We have had bad news regarding our shipping. It is still at the depot near Truro, accruing storage fees. All because the company paying for it has messed around and has failed to realise what an enormous headache this is for us. Even when it all gets on a boat, that takes 6 weeks and then it has to clear customs in Perth. If it makes it to Perth before Christmas, you can garantee it will be held up due to the Christmas break. So our new house is looking a little empty and will do for some time. What a pain. Well, at least we have some fantastic friends here who are all planning a big Christmas celebration. We'll be having breakfast at Graham's, starters at Julia's, main course at Bill and Em's, pudding at ours and then borrowing Jen's pool in the afternoon. So all I have to worry about is dessert, which is good considering my lack of good utensils!
Can't believe I'm talking about Christmas already!

Wednesday, October 12, 2011

From the other side of the world...

Well, we've been in Kalgoorlie, western Australia for 11 days now. I started work last Tuesday which hasn't given me much time to sort general life stuff out so things will take a while to settle down. We are currently in temporary accommodation in a fully serviced unit for 4 weeks, until we find a place to rent. Which is not easy. The rental market is very tight here so I have to be on the ball investigating each property that comes onto the market. Thanks to Andy's new interest in motorbikes and a Suzuki in the crate on its way, we need to find somewhere with a secure garage or shed which adds another dimension to the search. Actually it probably would be fairly easy if it weren't for that. The biggest demand seems to be for family homes and I don't want anything too big as I invariably end up making a mess - the bigger the house the bigger the mess!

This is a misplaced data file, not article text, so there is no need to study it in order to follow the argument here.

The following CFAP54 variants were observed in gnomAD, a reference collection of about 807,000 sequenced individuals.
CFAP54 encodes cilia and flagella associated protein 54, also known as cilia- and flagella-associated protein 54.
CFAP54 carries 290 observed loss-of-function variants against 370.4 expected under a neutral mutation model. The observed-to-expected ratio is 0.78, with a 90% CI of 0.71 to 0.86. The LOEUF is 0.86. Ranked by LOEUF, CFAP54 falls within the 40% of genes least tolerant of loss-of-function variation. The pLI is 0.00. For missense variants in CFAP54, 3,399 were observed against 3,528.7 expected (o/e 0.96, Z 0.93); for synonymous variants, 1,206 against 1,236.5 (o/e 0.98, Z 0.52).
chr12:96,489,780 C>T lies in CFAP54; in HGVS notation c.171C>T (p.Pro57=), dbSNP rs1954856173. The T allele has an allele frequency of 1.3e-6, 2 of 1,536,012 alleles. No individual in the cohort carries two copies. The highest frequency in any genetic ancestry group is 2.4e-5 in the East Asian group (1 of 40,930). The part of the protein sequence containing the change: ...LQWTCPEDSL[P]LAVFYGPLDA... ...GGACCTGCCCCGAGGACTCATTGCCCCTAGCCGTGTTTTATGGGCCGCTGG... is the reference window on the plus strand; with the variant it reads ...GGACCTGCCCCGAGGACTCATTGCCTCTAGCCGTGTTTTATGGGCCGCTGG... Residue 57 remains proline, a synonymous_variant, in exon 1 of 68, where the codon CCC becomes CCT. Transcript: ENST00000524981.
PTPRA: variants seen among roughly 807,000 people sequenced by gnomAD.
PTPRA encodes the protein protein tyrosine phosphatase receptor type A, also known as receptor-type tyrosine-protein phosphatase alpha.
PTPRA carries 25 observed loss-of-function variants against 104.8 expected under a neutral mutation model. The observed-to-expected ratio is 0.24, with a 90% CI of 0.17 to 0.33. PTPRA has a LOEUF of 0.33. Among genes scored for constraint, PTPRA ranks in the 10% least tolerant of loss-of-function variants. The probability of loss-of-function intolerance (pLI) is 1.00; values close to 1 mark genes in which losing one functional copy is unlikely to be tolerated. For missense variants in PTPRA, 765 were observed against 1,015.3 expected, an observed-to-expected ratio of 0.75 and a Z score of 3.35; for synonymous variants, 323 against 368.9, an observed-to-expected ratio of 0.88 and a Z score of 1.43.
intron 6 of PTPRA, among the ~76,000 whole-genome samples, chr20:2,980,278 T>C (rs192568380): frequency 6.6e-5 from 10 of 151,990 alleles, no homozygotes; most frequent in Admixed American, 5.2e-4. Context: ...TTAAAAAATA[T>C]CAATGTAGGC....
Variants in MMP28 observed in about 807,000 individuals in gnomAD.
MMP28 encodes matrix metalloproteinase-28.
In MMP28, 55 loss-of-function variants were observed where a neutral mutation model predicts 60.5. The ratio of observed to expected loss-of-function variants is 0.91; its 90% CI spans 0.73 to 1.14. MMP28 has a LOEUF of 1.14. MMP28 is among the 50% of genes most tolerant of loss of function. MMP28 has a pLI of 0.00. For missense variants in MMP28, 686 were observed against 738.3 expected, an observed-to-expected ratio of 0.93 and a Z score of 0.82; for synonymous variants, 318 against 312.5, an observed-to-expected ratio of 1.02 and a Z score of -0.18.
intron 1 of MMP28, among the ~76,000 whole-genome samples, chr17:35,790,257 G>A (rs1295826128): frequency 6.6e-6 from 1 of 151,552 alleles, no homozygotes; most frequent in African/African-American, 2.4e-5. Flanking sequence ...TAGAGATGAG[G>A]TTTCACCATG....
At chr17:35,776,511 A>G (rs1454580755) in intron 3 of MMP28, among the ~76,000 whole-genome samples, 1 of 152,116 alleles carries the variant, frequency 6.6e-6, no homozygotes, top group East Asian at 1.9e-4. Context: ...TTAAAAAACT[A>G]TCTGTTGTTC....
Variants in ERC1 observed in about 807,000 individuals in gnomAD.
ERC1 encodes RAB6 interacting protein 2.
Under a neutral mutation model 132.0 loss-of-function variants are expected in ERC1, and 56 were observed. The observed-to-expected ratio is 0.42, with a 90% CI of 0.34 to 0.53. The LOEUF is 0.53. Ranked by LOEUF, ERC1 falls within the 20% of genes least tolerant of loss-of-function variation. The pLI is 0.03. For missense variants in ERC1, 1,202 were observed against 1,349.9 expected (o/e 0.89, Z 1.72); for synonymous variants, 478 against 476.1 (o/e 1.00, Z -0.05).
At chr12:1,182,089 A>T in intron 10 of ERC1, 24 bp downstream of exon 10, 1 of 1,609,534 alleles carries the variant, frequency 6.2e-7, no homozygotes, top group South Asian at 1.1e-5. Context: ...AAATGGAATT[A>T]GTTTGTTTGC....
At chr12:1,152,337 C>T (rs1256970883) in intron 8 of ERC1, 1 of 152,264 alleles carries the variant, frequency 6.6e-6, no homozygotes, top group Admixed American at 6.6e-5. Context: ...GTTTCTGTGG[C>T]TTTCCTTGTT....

At the weekend I did manage to finish a tack order, believe it or not. I had pre-cut and dyed the parts for a classic scale bridle to go with the brown saddle from the last post. So since nothing here happens on a Sunday I was able to get on with that and finish it. The whole set will be jetting off to Germany at the weekend. It is pictured above on my Equorum Norman Cob, known as Rowanoak. Poor Rowanoak missed the boat and had to be packed in my very full suitcase. Good job she's slightly bendy and not a resin! For those of you that are interested she has a customised neck and alpaca mane and tail, which is beautifully soft.
I didn't get a chance to finish the Australian set. More on that in the next post.